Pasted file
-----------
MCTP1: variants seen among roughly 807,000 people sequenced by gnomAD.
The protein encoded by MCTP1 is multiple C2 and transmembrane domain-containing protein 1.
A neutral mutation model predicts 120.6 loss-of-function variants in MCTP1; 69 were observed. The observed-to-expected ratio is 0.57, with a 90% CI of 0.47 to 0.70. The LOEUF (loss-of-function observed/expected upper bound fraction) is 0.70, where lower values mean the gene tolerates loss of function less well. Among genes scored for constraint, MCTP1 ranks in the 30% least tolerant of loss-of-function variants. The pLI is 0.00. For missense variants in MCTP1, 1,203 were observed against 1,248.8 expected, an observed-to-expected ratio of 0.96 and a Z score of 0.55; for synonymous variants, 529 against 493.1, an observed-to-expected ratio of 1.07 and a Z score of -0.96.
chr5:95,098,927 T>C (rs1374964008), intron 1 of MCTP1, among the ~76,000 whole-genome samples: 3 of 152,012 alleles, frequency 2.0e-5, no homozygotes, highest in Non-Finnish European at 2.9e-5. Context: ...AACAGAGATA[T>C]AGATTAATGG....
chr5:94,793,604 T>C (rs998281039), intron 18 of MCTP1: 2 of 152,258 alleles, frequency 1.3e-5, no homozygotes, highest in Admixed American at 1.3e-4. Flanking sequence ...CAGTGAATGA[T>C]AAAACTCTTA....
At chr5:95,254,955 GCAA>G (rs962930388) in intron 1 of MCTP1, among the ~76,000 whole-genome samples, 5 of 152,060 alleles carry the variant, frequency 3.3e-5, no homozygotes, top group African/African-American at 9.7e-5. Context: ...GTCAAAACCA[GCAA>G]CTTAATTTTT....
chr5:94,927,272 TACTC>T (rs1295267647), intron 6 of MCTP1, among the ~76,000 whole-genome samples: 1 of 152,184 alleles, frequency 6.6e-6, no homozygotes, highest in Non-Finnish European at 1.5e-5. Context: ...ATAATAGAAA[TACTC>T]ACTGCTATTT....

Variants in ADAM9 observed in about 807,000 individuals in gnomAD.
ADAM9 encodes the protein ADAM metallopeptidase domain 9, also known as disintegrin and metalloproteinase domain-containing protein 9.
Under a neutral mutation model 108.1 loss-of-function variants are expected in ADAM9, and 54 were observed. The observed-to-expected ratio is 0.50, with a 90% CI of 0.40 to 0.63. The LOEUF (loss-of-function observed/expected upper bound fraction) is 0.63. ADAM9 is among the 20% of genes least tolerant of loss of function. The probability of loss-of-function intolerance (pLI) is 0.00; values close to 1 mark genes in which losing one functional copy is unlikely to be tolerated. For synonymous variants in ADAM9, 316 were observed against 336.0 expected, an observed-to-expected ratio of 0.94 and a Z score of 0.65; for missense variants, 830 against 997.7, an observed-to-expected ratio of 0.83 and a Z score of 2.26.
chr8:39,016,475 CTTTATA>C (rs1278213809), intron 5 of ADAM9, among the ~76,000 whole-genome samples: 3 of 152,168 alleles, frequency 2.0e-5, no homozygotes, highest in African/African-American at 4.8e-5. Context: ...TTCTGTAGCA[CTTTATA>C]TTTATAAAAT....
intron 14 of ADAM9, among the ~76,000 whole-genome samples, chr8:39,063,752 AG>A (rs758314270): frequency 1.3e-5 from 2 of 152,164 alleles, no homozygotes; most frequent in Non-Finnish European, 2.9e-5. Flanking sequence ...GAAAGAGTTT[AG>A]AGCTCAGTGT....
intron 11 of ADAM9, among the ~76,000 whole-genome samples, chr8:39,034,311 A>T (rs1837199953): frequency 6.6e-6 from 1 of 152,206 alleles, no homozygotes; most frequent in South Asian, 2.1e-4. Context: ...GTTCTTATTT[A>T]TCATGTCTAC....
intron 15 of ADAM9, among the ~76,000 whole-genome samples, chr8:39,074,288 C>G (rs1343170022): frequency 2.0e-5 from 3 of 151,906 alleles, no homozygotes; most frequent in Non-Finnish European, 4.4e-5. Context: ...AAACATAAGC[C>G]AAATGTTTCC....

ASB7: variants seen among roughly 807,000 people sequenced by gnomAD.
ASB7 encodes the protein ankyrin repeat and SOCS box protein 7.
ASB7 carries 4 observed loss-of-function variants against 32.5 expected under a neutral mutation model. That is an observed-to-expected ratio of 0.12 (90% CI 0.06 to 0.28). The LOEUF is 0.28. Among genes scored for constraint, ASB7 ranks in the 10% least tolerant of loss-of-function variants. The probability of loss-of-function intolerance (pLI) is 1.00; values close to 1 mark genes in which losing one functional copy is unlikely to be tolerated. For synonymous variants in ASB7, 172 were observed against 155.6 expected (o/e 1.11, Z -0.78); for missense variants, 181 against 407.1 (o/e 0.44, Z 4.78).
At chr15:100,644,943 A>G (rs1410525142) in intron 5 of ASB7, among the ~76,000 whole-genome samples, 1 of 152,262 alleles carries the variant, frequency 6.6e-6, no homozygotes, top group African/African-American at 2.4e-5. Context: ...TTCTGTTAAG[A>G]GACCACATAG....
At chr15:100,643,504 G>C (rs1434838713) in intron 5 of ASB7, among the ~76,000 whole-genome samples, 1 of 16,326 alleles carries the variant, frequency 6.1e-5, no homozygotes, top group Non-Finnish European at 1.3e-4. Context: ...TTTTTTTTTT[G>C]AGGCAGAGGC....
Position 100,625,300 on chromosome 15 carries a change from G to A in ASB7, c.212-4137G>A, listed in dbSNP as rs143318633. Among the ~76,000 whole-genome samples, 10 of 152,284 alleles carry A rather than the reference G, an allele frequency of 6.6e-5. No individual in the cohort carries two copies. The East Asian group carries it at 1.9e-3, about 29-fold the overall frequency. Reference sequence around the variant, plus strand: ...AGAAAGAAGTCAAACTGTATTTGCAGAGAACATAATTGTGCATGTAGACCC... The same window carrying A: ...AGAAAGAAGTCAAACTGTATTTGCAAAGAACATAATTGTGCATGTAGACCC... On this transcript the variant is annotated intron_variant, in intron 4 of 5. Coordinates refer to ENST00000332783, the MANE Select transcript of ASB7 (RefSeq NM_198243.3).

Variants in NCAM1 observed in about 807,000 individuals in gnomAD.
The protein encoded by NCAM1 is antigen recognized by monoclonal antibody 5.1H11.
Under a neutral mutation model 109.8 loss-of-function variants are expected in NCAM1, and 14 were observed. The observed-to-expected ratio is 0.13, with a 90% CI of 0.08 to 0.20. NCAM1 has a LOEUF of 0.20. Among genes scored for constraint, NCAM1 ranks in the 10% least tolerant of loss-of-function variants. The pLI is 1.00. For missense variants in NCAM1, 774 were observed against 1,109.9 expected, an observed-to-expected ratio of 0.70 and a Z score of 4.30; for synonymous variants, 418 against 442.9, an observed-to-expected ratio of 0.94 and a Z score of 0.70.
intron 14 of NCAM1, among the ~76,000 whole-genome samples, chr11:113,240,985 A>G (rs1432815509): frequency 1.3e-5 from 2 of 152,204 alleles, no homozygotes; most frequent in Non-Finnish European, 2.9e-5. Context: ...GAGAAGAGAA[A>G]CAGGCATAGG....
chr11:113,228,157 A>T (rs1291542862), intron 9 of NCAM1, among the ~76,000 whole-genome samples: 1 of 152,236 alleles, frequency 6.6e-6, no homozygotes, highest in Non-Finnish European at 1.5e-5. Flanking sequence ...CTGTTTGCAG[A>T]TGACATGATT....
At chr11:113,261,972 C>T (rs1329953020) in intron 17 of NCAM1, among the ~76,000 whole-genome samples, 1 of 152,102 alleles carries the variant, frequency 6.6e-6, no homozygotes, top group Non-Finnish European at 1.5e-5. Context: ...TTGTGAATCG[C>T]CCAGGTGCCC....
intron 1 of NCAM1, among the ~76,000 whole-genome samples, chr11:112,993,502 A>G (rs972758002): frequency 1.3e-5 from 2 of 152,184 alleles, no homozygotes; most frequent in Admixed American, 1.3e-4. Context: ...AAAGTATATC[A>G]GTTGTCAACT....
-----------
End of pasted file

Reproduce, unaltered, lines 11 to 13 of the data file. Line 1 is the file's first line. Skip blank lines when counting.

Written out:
chr8:39,016,475 CTTTATA>C (rs1278213809), intron 5 of ADAM9, among the ~76,000 whole-genome samples: 3 of 152,168 alleles, frequency 2.0e-5, no homozygotes, highest in African/African-American at 4.8e-5. Context: ...TTCTGTAGCA[CTTTATA>C]TTTATAAAAT....
intron 14 of ADAM9, among the ~76,000 whole-genome samples, chr8:39,063,752 AG>A (rs758314270): frequency 1.3e-5 from 2 of 152,164 alleles, no homozygotes; most frequent in Non-Finnish European, 2.9e-5. Flanking sequence ...GAAAGAGTTT[AG>A]AGCTCAGTGT....
intron 11 of ADAM9, among the ~76,000 whole-genome samples, chr8:39,034,311 A>T (rs1837199953): frequency 6.6e-6 from 1 of 152,206 alleles, no homozygotes; most frequent in South Asian, 2.1e-4. Context: ...GTTCTTATTT[A>T]TCATGTCTAC....